Who are SAP Mentors?
SAP Mentors are exceptional independent community members who share their passion, expertise, and knowledge of SAP products with others. SAP Mentors help bring the voice of community to SAP. They make a positive impact to the SAP community.
I found a 2010 SAP Community Briefing Book, given to me by Gail Moody-Byrd. It also says this about the SAP Mentor initiative:
Most mentors work for customers or partners of SAP. All of them are hands-on experts of an SAP product or service, as well as excellent champions of product roll-in and roll-out. They have been nominated by their peers on the basis of their passion for the community, their willingness to contribute and share as well as their ability to motivate others. Currently there are 75 total mentors…(as of 2010, now the number is over 160)
Anyone who is making significant contributions to the SAP Community can be nominated.
The plan is to announce the new mentors prior to SAP TechEd Las Vegas
Potential Mentors share the following attributes:
- Lead by example
- Are humble
- Passionate about SAP
- Offer constructive criticism
- No culture of entitlement
- Share their knowledge
For more details see the SAP Mentor Magic Foundation
I asked fellow SAP Mentor Advisory Board member Graham Robinson for his input on this topic – here is what he says below:
Many of the SAP Mentors are super-smart people – but that is not why they are SAP Mentors. That is just a bonus.
The SAP Mentor Program seeks to recognize the “glue” that binds the SAP Community together. SAP Mentors openly share their expertise and experiences – but more importantly they inspire others to do the same. They lead by example.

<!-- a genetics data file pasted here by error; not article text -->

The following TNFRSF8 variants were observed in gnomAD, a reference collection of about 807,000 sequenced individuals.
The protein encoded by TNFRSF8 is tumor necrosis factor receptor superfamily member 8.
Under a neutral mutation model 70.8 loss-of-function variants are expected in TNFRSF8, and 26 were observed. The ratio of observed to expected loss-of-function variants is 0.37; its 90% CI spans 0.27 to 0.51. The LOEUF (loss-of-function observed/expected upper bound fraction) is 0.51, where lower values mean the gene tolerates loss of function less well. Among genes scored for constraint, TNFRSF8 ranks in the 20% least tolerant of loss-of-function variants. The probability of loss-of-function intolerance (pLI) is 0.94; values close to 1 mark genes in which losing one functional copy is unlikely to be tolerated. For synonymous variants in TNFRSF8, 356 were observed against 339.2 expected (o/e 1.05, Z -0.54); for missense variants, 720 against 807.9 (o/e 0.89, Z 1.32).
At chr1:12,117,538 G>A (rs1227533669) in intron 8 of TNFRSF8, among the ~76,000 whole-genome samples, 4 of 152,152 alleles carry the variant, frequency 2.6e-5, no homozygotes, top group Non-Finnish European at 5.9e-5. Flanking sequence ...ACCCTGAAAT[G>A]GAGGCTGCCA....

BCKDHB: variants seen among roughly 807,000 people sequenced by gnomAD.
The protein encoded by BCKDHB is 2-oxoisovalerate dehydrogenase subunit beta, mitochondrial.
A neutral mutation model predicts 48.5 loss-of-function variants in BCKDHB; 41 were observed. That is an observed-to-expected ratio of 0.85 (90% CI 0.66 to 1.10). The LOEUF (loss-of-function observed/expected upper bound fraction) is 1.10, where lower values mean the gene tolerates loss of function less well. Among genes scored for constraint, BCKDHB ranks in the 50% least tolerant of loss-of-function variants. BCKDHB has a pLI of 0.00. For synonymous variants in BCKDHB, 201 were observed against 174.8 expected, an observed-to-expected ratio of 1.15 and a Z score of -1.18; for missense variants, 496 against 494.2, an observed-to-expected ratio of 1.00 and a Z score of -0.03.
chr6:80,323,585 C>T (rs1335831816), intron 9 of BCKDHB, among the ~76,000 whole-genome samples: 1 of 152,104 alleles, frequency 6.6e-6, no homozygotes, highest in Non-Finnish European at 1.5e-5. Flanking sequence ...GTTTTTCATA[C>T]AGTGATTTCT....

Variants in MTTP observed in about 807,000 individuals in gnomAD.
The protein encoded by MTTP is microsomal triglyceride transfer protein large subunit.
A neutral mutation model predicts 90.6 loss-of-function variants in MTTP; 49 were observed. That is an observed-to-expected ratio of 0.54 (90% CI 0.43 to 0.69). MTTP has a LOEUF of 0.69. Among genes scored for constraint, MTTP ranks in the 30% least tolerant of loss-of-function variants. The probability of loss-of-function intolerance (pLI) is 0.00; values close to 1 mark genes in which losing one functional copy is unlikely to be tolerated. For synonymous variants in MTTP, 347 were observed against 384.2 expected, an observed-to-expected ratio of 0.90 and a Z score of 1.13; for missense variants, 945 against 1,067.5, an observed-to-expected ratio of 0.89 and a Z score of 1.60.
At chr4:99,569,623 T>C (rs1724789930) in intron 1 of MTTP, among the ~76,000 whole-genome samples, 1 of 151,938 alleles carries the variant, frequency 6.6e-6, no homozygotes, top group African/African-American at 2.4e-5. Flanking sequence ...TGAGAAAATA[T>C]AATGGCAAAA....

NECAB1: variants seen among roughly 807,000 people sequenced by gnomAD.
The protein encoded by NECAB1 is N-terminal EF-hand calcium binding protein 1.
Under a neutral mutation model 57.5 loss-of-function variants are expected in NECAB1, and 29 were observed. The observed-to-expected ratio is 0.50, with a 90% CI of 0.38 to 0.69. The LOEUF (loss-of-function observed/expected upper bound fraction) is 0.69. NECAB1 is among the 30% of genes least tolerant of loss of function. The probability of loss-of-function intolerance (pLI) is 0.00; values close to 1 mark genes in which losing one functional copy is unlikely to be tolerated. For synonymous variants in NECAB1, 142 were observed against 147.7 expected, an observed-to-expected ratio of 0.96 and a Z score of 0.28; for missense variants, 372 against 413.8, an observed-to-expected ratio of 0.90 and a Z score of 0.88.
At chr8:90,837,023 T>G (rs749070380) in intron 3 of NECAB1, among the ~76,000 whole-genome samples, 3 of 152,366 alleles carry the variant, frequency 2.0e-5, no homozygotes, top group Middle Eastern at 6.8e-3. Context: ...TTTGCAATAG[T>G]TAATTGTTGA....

If you are considering nominating someone to be a SAP Mentor ask yourself – do they inspire you by their actions? Do they inspire others? Do people want to be like them? Do they openly share their contacts, their expertise and their experience? Do they do this just because that is who they are – not because they expect anything in return? Are they good communicators? Are they approachable? Are they friendly? Do they introduce people to each other – thereby widening everyone’s personal networks. Do they encourage others to do more? And when others do step up do they step back and allow them to shine?
Do they demonstrate these characteristics in everything they do? Do they coach kids sporting teams? Do they donate their time to charities, community organisations, etcetera? Are they “glass half-full” people?
If you can answer “Yes” to some of these questions you may have found one of the hidden jewels of the SAP Community. Nomination will shine a light on them and thereby increase their sphere of influence. Perhaps it will also inspire someone else to step up and they may become a future SAP Mentor.
How are SAP Mentors Chosen?
Last year we had an online webcast about How SAP Mentors are chosen. I encourage you to review that before submitting your nomination.
Speaking for myself, I highly recommend that you include links to blogs written and links to how your nominee has shared your knowledge with the SAP Community when you complete the survey.
You look back in history and see this SAP Mentor Introduction slidedeck on Slideshare.
Cleaning my house this weekend I found this – I hope your nominee will join me in the SAP Mentor ranks:
On social media, I learned this is the 10th year of the SAP Mentor program – see Mark Finnern’s, (former SAP Mentor “herder”) 2007 blog here